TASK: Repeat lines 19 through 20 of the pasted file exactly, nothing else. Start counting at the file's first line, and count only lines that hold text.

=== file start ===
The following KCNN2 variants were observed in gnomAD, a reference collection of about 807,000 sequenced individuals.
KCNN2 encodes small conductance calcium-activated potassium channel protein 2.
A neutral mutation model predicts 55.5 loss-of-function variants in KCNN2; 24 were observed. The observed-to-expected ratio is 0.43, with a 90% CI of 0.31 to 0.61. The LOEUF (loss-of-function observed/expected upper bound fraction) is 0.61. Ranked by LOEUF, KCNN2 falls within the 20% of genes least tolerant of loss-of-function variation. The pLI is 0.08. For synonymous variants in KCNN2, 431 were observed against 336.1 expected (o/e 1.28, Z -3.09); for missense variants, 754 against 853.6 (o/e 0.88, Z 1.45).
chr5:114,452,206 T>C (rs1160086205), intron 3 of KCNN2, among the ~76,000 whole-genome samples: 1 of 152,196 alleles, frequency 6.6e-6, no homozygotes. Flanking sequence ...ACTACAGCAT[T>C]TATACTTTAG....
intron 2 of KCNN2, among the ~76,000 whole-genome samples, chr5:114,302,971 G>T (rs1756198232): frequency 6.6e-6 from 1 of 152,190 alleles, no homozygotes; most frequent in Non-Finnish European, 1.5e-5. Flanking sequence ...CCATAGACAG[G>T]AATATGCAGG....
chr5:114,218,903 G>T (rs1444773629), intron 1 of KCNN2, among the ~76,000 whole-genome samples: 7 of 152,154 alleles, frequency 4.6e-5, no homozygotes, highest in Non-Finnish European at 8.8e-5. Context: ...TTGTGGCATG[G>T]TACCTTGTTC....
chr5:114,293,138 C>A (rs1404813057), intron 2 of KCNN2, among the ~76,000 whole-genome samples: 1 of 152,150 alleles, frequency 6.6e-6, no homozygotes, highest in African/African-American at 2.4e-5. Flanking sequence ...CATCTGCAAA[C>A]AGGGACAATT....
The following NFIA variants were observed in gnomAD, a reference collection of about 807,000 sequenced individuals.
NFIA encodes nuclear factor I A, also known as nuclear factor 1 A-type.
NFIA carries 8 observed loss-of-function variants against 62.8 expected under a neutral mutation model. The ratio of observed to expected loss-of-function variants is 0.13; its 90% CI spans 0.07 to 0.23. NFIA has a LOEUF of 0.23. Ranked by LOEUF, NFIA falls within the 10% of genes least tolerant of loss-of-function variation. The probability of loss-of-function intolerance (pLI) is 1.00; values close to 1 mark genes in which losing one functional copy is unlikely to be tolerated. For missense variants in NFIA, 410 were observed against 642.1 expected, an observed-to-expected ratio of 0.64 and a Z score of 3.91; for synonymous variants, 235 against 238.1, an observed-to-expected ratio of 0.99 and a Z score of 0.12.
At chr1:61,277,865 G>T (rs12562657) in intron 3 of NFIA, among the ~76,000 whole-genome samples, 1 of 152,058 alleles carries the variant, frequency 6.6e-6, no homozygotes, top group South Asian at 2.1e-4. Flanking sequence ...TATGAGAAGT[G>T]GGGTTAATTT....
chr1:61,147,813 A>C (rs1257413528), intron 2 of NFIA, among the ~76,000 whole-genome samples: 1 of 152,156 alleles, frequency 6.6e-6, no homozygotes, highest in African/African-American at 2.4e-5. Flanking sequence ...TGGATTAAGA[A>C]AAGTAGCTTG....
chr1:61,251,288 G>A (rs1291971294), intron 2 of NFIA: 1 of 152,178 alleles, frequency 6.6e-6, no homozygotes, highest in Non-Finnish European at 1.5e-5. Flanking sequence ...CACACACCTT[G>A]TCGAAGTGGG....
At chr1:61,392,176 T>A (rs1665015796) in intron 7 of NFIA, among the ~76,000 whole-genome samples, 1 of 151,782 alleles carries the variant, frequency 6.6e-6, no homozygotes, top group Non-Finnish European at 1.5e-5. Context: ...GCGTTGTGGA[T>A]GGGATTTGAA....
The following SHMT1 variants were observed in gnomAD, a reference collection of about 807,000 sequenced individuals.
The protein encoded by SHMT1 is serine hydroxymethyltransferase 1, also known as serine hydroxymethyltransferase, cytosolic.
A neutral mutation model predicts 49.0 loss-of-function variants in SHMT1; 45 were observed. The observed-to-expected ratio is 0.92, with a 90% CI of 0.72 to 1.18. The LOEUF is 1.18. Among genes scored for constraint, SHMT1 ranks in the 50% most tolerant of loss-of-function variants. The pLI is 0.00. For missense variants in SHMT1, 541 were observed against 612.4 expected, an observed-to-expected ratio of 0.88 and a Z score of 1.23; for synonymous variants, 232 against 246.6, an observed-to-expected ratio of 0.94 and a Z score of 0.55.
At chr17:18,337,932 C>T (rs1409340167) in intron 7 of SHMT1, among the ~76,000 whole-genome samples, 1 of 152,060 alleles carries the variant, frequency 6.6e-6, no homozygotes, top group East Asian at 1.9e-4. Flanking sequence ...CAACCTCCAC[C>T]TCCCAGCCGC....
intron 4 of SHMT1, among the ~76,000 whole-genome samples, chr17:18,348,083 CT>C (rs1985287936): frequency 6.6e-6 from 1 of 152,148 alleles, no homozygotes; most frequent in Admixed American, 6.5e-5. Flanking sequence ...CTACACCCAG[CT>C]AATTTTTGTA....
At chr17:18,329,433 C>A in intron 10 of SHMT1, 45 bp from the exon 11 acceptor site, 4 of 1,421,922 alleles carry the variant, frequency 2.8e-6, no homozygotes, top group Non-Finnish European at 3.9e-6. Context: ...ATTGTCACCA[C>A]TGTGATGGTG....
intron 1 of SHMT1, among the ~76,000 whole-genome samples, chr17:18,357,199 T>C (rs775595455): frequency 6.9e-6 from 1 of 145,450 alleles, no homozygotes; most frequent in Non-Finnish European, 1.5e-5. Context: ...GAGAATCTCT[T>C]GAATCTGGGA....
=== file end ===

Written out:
intron 4 of SHMT1, among the ~76,000 whole-genome samples, chr17:18,348,083 CT>C (rs1985287936): frequency 6.6e-6 from 1 of 152,148 alleles, no homozygotes; most frequent in Admixed American, 6.5e-5. Flanking sequence ...CTACACCCAG[CT>C]AATTTTTGTA....
At chr17:18,329,433 C>A in intron 10 of SHMT1, 45 bp from the exon 11 acceptor site, 4 of 1,421,922 alleles carry the variant, frequency 2.8e-6, no homozygotes, top group Non-Finnish European at 3.9e-6. Context: ...ATTGTCACCA[C>A]TGTGATGGTG....